Effect of Air Content on the Oxygen Diffusion Coefficient of Growing Media


An important parameter for describing oxygen availability in growing media is the air capacity, but this parameter does not include any information about the gas exchange with the surrounding atmosphere. The oxygen diffusion coefficient fulfills this requirement and may be better suited as a characteristic parameter to describe the oxygen regime. The measurement of the gas diffusion coefficient is a common method to describe the oxygenation in mineral soils, but this method has not been studied well on growing media yet. In this investigation four different growing media were used to measure the oxygen diffusion coefficient at two different bulk densities and four different water tensions in the laboratory. The effect of density and water tension on the oxygen diffusion coefficient in different growing media and the dependence on air content were investigated. The results show that both water tension and density have a major influence on oxygen diffusion. With increasing density and moisture content, a decrease of the oxygen diffusion coefficient can be observed. Between the substrates there are no significant differences regarding the oxygen diffusion coefficient at the same air content. Based on the oxygen diffusion coefficients of the substrates, the models describing the dependence of gas diffusion coefficients to air content in the literature were tested for the transferability to growing media. The Moldrup model [1] shows the best fit. The fit can be slightly further improved by modifying the tortuosity parameter.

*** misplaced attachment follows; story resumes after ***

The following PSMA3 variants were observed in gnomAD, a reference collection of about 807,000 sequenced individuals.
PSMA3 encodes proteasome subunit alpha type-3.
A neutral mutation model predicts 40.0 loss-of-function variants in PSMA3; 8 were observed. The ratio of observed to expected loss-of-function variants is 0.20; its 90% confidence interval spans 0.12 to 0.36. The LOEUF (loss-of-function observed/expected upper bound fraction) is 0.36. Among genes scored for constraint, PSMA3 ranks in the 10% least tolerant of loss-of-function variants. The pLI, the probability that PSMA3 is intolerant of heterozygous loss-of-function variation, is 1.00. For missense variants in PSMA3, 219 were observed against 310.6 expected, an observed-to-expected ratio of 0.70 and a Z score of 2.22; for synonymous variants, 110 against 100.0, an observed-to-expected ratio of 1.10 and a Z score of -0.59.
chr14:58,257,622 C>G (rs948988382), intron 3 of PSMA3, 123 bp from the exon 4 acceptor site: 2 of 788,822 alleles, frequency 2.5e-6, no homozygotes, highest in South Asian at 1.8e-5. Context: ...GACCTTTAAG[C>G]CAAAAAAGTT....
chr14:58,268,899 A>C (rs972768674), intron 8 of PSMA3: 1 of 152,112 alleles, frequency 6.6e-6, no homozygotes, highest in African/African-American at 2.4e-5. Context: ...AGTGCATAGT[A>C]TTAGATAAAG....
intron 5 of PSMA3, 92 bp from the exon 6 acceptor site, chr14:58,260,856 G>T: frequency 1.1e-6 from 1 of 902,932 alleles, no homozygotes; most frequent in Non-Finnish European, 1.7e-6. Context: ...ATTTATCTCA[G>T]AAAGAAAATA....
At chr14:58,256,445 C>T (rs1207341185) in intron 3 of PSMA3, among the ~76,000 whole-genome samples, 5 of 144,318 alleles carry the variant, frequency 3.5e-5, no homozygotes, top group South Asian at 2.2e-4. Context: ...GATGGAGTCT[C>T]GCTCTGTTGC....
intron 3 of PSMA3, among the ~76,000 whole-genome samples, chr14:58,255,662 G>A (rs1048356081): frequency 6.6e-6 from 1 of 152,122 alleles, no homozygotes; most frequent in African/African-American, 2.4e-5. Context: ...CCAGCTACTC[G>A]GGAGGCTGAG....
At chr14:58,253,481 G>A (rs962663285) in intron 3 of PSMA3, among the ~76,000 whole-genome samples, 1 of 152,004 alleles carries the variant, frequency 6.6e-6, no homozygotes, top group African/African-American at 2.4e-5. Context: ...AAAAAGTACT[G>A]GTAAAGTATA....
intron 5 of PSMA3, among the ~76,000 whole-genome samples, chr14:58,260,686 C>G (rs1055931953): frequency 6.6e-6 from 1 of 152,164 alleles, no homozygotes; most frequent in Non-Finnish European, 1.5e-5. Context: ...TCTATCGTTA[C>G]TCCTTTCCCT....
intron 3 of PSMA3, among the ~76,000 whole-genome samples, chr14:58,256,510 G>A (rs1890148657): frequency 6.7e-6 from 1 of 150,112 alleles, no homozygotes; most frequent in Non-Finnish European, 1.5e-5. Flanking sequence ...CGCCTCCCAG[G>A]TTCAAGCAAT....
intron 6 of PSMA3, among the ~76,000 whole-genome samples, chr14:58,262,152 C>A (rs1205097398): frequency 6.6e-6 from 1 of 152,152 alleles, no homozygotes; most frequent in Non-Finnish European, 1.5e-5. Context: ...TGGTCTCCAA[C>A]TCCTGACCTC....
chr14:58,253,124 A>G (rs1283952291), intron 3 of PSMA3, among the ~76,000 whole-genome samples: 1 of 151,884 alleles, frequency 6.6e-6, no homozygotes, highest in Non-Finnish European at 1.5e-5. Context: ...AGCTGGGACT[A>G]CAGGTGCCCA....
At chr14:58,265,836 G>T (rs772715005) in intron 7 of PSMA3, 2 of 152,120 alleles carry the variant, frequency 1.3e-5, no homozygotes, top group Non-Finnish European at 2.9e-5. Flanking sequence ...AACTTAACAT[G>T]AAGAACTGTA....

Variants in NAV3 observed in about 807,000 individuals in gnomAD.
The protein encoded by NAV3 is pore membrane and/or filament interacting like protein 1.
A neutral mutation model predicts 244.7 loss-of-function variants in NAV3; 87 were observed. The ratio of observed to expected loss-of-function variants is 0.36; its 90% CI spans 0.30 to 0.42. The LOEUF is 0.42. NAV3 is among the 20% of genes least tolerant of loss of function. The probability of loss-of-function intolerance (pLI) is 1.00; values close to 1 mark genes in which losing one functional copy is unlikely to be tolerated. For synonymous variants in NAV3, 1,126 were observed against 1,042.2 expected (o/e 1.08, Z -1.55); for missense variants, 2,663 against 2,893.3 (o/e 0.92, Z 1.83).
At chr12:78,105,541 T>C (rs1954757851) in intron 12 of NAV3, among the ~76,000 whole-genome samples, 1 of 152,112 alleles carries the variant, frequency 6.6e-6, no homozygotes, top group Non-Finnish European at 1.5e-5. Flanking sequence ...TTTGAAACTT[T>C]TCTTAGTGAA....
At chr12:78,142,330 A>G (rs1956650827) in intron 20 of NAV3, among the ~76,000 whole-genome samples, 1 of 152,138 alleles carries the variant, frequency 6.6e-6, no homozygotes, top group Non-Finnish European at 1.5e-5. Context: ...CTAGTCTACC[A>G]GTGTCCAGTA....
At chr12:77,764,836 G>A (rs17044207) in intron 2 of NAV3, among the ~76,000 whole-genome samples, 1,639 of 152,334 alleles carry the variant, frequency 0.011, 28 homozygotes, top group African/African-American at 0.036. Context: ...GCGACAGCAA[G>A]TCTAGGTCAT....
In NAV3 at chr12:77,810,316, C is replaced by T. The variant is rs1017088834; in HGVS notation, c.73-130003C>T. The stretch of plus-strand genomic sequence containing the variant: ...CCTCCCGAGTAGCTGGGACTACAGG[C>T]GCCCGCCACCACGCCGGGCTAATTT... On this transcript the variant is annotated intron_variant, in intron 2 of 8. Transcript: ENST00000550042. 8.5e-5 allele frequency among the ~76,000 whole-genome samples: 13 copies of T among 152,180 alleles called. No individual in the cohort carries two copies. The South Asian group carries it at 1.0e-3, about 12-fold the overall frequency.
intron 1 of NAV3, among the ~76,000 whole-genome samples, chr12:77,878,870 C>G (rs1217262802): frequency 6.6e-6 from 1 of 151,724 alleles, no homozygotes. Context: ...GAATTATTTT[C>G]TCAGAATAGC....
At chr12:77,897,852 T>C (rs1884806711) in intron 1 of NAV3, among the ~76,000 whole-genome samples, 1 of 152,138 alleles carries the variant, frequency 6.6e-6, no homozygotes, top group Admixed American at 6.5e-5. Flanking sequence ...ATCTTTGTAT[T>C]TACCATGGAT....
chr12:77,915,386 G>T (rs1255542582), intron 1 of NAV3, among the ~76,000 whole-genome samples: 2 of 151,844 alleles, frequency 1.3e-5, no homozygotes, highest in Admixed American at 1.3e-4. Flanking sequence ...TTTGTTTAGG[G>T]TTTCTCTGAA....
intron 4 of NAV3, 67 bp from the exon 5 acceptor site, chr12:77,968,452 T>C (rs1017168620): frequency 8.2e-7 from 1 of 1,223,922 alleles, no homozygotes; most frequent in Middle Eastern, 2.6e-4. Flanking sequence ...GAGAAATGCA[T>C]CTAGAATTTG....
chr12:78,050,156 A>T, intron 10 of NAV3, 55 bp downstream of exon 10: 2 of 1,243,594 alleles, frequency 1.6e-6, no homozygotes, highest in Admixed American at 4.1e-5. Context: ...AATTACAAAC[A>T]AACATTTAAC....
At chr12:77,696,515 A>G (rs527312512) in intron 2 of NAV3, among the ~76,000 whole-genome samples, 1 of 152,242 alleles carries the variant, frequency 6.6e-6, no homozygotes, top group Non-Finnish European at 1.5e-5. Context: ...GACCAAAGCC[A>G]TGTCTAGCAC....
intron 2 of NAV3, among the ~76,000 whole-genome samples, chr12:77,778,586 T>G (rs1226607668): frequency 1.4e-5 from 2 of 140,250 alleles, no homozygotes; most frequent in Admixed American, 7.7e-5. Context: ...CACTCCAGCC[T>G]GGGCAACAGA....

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D. Schmitz, R. Anlauf and P. Rehrmann, "Effect of Air Content on the Oxygen Diffusion Coefficient of Growing Media," American Journal of Plant Sciences, Vol. 4 No. 5, 2013, pp. 955-963. doi: 10.4236/ajps.2013.45118.

Conflicts of Interest

The authors declare no conflicts of interest.


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